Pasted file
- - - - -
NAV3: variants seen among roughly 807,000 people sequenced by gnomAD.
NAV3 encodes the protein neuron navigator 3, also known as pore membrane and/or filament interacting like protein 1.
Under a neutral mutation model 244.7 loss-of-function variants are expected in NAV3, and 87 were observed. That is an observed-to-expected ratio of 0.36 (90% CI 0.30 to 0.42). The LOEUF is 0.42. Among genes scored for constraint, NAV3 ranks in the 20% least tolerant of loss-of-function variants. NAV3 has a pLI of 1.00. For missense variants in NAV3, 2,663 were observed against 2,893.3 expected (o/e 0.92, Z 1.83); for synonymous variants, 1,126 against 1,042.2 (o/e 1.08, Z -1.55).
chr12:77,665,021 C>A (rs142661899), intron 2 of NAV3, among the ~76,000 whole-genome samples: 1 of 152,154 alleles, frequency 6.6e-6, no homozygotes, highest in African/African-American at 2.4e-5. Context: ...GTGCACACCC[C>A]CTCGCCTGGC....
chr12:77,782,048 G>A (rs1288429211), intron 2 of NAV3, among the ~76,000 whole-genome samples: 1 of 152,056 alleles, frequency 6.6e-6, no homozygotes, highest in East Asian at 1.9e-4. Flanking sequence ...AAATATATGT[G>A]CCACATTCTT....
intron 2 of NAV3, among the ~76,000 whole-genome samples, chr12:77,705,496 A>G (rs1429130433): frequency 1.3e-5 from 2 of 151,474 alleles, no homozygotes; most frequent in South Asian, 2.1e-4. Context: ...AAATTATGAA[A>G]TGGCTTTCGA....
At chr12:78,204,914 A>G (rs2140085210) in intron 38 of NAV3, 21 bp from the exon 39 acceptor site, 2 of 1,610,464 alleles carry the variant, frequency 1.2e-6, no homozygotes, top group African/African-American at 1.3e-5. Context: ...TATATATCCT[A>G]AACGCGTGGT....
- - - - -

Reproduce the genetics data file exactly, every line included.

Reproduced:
NAV3: variants seen among roughly 807,000 people sequenced by gnomAD.
NAV3 encodes the protein neuron navigator 3, also known as pore membrane and/or filament interacting like protein 1.
Under a neutral mutation model 244.7 loss-of-function variants are expected in NAV3, and 87 were observed. That is an observed-to-expected ratio of 0.36 (90% CI 0.30 to 0.42). The LOEUF is 0.42. Among genes scored for constraint, NAV3 ranks in the 20% least tolerant of loss-of-function variants. NAV3 has a pLI of 1.00. For missense variants in NAV3, 2,663 were observed against 2,893.3 expected (o/e 0.92, Z 1.83); for synonymous variants, 1,126 against 1,042.2 (o/e 1.08, Z -1.55).
chr12:77,665,021 C>A (rs142661899), intron 2 of NAV3, among the ~76,000 whole-genome samples: 1 of 152,154 alleles, frequency 6.6e-6, no homozygotes, highest in African/African-American at 2.4e-5. Context: ...GTGCACACCC[C>A]CTCGCCTGGC....
chr12:77,782,048 G>A (rs1288429211), intron 2 of NAV3, among the ~76,000 whole-genome samples: 1 of 152,056 alleles, frequency 6.6e-6, no homozygotes, highest in East Asian at 1.9e-4. Flanking sequence ...AAATATATGT[G>A]CCACATTCTT....
intron 2 of NAV3, among the ~76,000 whole-genome samples, chr12:77,705,496 A>G (rs1429130433): frequency 1.3e-5 from 2 of 151,474 alleles, no homozygotes; most frequent in South Asian, 2.1e-4. Context: ...AAATTATGAA[A>G]TGGCTTTCGA....
At chr12:78,204,914 A>G (rs2140085210) in intron 38 of NAV3, 21 bp from the exon 39 acceptor site, 2 of 1,610,464 alleles carry the variant, frequency 1.2e-6, no homozygotes, top group African/African-American at 1.3e-5. Context: ...TATATATCCT[A>G]AACGCGTGGT....